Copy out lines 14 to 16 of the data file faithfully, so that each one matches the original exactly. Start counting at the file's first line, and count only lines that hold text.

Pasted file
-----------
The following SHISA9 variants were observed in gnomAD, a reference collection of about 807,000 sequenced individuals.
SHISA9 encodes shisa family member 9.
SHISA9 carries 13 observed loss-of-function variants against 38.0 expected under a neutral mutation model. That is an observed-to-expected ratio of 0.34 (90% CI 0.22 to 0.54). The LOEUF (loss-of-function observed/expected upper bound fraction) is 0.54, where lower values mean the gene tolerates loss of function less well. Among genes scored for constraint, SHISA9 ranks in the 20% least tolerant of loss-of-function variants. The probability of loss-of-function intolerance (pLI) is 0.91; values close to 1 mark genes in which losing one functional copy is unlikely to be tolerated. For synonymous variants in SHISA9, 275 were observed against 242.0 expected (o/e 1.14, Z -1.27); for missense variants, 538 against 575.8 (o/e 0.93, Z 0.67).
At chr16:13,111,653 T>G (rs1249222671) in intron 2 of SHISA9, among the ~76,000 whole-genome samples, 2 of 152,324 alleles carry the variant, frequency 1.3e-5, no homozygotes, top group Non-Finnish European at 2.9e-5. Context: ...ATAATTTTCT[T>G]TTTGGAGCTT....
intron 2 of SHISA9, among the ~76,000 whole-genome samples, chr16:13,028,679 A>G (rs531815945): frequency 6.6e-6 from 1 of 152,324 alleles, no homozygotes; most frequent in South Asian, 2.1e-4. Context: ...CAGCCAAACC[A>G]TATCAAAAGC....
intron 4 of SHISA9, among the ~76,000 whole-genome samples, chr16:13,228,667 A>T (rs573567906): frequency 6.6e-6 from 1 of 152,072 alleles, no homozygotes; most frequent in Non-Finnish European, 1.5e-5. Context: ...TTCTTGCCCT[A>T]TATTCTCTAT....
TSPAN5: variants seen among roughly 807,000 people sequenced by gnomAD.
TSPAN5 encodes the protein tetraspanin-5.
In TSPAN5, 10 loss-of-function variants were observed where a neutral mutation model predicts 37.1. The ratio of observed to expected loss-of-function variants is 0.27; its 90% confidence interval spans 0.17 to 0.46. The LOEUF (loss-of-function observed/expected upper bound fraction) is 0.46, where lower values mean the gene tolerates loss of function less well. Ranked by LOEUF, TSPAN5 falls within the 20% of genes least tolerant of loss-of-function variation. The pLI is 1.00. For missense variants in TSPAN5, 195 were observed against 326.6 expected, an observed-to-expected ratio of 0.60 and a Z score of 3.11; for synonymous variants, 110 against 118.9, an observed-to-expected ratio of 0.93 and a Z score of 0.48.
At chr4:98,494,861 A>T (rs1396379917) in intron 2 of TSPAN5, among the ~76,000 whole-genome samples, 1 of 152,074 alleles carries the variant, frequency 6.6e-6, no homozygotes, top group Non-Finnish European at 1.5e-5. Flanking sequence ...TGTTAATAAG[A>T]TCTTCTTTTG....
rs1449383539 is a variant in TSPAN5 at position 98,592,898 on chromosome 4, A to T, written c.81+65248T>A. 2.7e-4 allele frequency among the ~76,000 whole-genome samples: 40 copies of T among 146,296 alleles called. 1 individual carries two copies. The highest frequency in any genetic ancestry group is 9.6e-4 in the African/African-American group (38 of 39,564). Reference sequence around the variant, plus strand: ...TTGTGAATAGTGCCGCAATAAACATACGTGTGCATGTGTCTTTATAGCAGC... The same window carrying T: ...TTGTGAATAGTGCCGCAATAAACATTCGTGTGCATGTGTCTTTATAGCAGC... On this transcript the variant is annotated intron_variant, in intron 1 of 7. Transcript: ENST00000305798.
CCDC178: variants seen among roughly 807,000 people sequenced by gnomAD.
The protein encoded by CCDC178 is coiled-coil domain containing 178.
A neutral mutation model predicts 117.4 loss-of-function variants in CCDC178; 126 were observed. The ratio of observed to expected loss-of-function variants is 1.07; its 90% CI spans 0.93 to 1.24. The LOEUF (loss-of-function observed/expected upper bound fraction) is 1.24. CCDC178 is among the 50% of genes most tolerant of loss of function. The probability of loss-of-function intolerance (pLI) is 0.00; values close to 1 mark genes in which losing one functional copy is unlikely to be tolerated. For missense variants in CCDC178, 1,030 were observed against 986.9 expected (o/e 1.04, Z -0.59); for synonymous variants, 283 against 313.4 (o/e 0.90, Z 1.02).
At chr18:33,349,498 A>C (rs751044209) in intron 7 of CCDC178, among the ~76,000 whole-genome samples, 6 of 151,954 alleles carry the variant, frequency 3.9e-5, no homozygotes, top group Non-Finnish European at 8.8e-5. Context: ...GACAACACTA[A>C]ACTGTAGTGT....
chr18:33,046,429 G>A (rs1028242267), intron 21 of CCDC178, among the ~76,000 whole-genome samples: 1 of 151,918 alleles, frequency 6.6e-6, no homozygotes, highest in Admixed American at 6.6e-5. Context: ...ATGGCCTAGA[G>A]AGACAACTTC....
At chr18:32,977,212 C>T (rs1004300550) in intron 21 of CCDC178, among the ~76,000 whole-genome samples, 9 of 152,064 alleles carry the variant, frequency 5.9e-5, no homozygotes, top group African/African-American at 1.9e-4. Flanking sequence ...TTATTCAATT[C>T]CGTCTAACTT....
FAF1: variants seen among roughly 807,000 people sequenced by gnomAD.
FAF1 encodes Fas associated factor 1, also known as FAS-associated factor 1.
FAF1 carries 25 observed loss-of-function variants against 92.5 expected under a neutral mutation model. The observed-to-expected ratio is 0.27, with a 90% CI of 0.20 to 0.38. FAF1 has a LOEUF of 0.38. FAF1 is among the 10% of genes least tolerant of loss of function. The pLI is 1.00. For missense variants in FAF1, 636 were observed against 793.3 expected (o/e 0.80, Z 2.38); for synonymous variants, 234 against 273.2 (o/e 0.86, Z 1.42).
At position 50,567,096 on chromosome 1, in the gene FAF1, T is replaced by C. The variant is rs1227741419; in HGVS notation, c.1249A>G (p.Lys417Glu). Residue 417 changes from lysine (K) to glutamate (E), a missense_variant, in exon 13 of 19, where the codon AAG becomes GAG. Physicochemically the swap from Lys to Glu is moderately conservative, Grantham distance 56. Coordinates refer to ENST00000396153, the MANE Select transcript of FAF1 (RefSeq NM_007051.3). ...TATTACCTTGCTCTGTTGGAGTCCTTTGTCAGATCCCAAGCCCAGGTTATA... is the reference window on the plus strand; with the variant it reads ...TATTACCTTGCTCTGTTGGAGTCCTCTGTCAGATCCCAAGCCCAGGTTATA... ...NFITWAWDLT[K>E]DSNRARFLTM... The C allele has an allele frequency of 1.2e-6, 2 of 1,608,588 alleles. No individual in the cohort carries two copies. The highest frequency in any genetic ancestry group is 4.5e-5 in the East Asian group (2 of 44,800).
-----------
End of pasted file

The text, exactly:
A neutral mutation model predicts 117.4 loss-of-function variants in CCDC178; 126 were observed. The ratio of observed to expected loss-of-function variants is 1.07; its 90% CI spans 0.93 to 1.24. The LOEUF (loss-of-function observed/expected upper bound fraction) is 1.24. CCDC178 is among the 50% of genes most tolerant of loss of function. The probability of loss-of-function intolerance (pLI) is 0.00; values close to 1 mark genes in which losing one functional copy is unlikely to be tolerated. For missense variants in CCDC178, 1,030 were observed against 986.9 expected (o/e 1.04, Z -0.59); for synonymous variants, 283 against 313.4 (o/e 0.90, Z 1.02).
At chr18:33,349,498 A>C (rs751044209) in intron 7 of CCDC178, among the ~76,000 whole-genome samples, 6 of 151,954 alleles carry the variant, frequency 3.9e-5, no homozygotes, top group Non-Finnish European at 8.8e-5. Context: ...GACAACACTA[A>C]ACTGTAGTGT....
chr18:33,046,429 G>A (rs1028242267), intron 21 of CCDC178, among the ~76,000 whole-genome samples: 1 of 151,918 alleles, frequency 6.6e-6, no homozygotes, highest in Admixed American at 6.6e-5. Context: ...ATGGCCTAGA[G>A]AGACAACTTC....